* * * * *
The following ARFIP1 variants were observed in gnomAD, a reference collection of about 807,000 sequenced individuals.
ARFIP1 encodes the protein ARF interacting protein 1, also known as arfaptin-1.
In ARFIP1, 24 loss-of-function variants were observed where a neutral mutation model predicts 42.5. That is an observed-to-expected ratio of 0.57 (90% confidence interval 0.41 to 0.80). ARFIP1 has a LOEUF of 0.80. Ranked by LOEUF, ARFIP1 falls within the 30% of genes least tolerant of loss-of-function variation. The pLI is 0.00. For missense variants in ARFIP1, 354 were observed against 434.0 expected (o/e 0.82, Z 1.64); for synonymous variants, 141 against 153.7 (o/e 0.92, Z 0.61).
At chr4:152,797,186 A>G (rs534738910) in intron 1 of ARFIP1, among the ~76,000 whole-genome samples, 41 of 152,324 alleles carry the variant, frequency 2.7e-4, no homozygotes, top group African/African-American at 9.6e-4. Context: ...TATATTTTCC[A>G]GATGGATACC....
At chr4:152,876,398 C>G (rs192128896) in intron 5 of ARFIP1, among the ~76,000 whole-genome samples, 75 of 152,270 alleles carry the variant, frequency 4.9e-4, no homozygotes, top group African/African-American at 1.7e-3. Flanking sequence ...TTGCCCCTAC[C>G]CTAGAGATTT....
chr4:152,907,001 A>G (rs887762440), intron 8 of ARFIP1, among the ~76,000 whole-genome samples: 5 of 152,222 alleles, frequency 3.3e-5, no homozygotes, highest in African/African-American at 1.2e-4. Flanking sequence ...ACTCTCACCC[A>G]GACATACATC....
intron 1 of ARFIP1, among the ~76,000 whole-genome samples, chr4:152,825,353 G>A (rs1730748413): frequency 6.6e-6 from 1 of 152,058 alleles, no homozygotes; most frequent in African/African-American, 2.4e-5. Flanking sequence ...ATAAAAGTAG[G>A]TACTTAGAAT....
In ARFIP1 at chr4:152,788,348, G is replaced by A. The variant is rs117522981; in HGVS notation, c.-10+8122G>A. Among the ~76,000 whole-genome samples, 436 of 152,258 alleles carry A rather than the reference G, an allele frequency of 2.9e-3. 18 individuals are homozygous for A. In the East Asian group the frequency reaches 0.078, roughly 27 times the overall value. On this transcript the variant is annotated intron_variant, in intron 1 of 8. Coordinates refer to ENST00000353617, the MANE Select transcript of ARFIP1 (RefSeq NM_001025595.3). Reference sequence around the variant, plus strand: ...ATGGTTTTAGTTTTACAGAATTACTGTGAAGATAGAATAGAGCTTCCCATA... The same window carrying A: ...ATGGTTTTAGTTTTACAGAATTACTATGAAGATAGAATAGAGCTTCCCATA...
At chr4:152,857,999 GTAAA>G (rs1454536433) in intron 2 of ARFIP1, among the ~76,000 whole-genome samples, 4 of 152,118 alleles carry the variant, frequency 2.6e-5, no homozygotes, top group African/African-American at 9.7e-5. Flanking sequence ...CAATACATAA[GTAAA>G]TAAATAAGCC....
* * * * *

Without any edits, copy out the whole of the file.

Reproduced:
The following ARFIP1 variants were observed in gnomAD, a reference collection of about 807,000 sequenced individuals.
ARFIP1 encodes the protein ARF interacting protein 1, also known as arfaptin-1.
In ARFIP1, 24 loss-of-function variants were observed where a neutral mutation model predicts 42.5. That is an observed-to-expected ratio of 0.57 (90% confidence interval 0.41 to 0.80). ARFIP1 has a LOEUF of 0.80. Ranked by LOEUF, ARFIP1 falls within the 30% of genes least tolerant of loss-of-function variation. The pLI is 0.00. For missense variants in ARFIP1, 354 were observed against 434.0 expected (o/e 0.82, Z 1.64); for synonymous variants, 141 against 153.7 (o/e 0.92, Z 0.61).
At chr4:152,797,186 A>G (rs534738910) in intron 1 of ARFIP1, among the ~76,000 whole-genome samples, 41 of 152,324 alleles carry the variant, frequency 2.7e-4, no homozygotes, top group African/African-American at 9.6e-4. Context: ...TATATTTTCC[A>G]GATGGATACC....
At chr4:152,876,398 C>G (rs192128896) in intron 5 of ARFIP1, among the ~76,000 whole-genome samples, 75 of 152,270 alleles carry the variant, frequency 4.9e-4, no homozygotes, top group African/African-American at 1.7e-3. Flanking sequence ...TTGCCCCTAC[C>G]CTAGAGATTT....
chr4:152,907,001 A>G (rs887762440), intron 8 of ARFIP1, among the ~76,000 whole-genome samples: 5 of 152,222 alleles, frequency 3.3e-5, no homozygotes, highest in African/African-American at 1.2e-4. Flanking sequence ...ACTCTCACCC[A>G]GACATACATC....
intron 1 of ARFIP1, among the ~76,000 whole-genome samples, chr4:152,825,353 G>A (rs1730748413): frequency 6.6e-6 from 1 of 152,058 alleles, no homozygotes; most frequent in African/African-American, 2.4e-5. Flanking sequence ...ATAAAAGTAG[G>A]TACTTAGAAT....
In ARFIP1 at chr4:152,788,348, G is replaced by A. The variant is rs117522981; in HGVS notation, c.-10+8122G>A. Among the ~76,000 whole-genome samples, 436 of 152,258 alleles carry A rather than the reference G, an allele frequency of 2.9e-3. 18 individuals are homozygous for A. In the East Asian group the frequency reaches 0.078, roughly 27 times the overall value. On this transcript the variant is annotated intron_variant, in intron 1 of 8. Coordinates refer to ENST00000353617, the MANE Select transcript of ARFIP1 (RefSeq NM_001025595.3). Reference sequence around the variant, plus strand: ...ATGGTTTTAGTTTTACAGAATTACTGTGAAGATAGAATAGAGCTTCCCATA... The same window carrying A: ...ATGGTTTTAGTTTTACAGAATTACTATGAAGATAGAATAGAGCTTCCCATA...
At chr4:152,857,999 GTAAA>G (rs1454536433) in intron 2 of ARFIP1, among the ~76,000 whole-genome samples, 4 of 152,118 alleles carry the variant, frequency 2.6e-5, no homozygotes, top group African/African-American at 9.7e-5. Flanking sequence ...CAATACATAA[GTAAA>G]TAAATAAGCC....